Jesus shows us how the things by which we evaluate our lives are transient and deceptive. Wealth and health are not permanent. There is a Judge who is standing at the door. He is not removed in some far distant realm of the future. He is near. One day—a day that is hidden from His creation—He will come on clouds and every eye will see Him and every tongue confess either in eternal joy or perpetual shame, that He is Lord. Faith is not preoccupied with futile attempts to calculate when. Faith lives by the promises that Jesus makes right now. “Heaven and earth,” Jesus says, “will pass away, but My words will not pass away.”
For your faith’s sake, Jesus warns you of things to come, even things here now, because you will be tempted to drift away from the faith, to fall away in persecution, to doubt God’s love when suffering, and to doubt that He will return. Jesus doesn’t say when He will return. He just promises that He will and that you must be ready. It is not the duty of the master to tell his servants exactly when he will return, but it is the duty of the doorkeeper to be watching. The master may return at any hour. The doorkeeper must always be ready for the master’s return.
Jesus calls you to a lifetime of watching and remaining faithful in your holy vocation. Each of us is given the authority to work until His return. Baptized into Christ’s death and resurrection, an heir of the kingdom of God, you are part of the royal priesthood, living as Gospel people in your ordinary vocations. Your greatest work is faith, which is really a work of God, done through His Word. That highlights the importance of remaining in the Word of God. Despite the temptations of false teachers, tribulations because of faith, or suffering in a sinful, futile world, the Church does not receive or declare the Word in vain. Christ’s authority assures us that His words remain forever.
Be ready for the Master’s return. You must not be found asleep. Therefore, repent. If desire or sophistry turned you to accept false as true, return to the pure Word. If you are too fearful to bear a cross, confess your faintheartedness. If troubles seem greater than Christ’s sufficiency, confess your unbelief. And if urgency to hear Christ’s Word and receive His very body and blood are forgotten after the Saturday late movie, or in anticipation of this Sunday’s sporting event or family gathering, confess your failure to watch and be ready.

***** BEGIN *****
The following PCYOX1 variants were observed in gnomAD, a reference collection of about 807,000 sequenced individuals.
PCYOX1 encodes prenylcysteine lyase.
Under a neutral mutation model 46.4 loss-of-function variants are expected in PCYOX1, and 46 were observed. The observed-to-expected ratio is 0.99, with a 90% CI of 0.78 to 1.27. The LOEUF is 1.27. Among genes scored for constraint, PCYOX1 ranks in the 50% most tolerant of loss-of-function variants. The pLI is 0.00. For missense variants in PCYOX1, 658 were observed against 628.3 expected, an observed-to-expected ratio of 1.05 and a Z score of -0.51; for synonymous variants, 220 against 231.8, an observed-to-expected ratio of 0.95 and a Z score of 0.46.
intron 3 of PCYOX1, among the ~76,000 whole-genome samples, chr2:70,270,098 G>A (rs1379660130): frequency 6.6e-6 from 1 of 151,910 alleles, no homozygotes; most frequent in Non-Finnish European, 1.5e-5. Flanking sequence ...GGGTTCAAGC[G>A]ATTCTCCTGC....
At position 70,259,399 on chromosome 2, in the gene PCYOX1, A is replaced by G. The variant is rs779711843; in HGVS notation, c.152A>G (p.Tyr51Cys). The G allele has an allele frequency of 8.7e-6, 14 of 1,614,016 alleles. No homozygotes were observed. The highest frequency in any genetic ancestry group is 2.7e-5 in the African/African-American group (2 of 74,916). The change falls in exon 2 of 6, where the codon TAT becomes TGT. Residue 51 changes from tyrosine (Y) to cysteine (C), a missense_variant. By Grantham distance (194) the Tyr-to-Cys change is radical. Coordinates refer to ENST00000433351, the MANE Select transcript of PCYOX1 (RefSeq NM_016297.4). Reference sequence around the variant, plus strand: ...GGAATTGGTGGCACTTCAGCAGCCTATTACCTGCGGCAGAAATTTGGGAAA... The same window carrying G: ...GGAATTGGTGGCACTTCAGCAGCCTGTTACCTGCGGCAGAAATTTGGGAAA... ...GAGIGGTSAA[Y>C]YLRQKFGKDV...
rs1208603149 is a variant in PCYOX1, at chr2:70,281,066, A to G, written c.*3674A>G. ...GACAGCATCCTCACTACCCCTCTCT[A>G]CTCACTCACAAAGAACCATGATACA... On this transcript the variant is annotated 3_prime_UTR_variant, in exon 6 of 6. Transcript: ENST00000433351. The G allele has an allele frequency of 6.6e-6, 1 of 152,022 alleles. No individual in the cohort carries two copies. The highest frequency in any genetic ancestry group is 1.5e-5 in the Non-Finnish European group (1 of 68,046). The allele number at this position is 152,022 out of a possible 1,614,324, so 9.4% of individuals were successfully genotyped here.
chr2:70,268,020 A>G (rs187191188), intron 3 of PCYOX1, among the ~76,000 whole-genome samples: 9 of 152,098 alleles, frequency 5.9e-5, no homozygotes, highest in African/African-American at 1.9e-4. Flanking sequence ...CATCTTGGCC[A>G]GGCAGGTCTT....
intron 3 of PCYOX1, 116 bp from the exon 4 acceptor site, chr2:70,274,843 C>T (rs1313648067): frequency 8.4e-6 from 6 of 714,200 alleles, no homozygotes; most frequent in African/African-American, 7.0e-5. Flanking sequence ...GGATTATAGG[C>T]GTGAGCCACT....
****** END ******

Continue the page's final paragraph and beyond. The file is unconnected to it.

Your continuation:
Christ exhorts: “Be on guard! Be alert!” Don’t immerse yourself in the things of this world and thus lose your own soul. Always keep your eyes fixed on Jesus Christ, your ears attuned to His Word. For in this way, you will ready for the Master’s return, whenever that may be!
This means that even though we always live as those who are walking under the shadow of death, you can live in confidence and peace. The believer in Jesus Christ does not have to fret about the final judgment, living in uncertainty and fear. Why? Because you have already heard God’s final verdict ahead of time. God let it slip out early. It is no longer a secret. It is called the absolution. God says, “I forgive you all your sin.” It is as sure and certain here on earth as it is in heaven!
A Lutheran pastor of the last century once said that a Christian should go to the Lord’s Supper as though he were going to his death, and that a Christian may then go to his death as though he were going to the Lord’s Supper. When we go to the Lord’s Supper, St. Paul tells us we proclaim the Lord’s death until He comes. When we go to our death, we will confess that Jesus’ death for our sins is our confidence. His blood is our righteousness and the forgiveness of our sins is the promise of an open heaven. Werner Elert once said the, “Day of Judgment… is just as close to us as the Judge is.”[i]
Faith rejoices to receive this Lord ever-near; unbelief is terrified. So again Elert, “Some live in the light of the Last Day, others in its shadow.”[ii] It is my privilege as God’s called and ordained servant to proclaim that the One who comes at the End is the Lord who came in the flesh to be our Brother and Savior. He came so those broken by their sin might live, not in the long shadows of the Last Day, but in the brilliance of the light of the face of Christ Jesus our Lord.
Go in the peace and joy of the Lord. Live each day in confidence and hope, exercising yourself in the faith that works through love. You are ready for the Master’s return. For Jesus’ sake, you are forgiven for all of your sins.
In the name of the Father and of the Son and of the Holy Spirit. Amen
Unless otherwise indicated, all Scripture quotations are from the Holy Bible, English Standard Version, copyright © 2001 by Crossway Bibles, a publishing ministry of Good News Publishers. Used by permission. All rights reserved.
This sermon is adaptation of an essay by John T. Pless on Craft of Preaching.
[i] Werner Elert, The Last Things, trans. Martin Bertram (St. Louis: Concordia Publishing House, 1974), 28.
[ii] Elert, 28.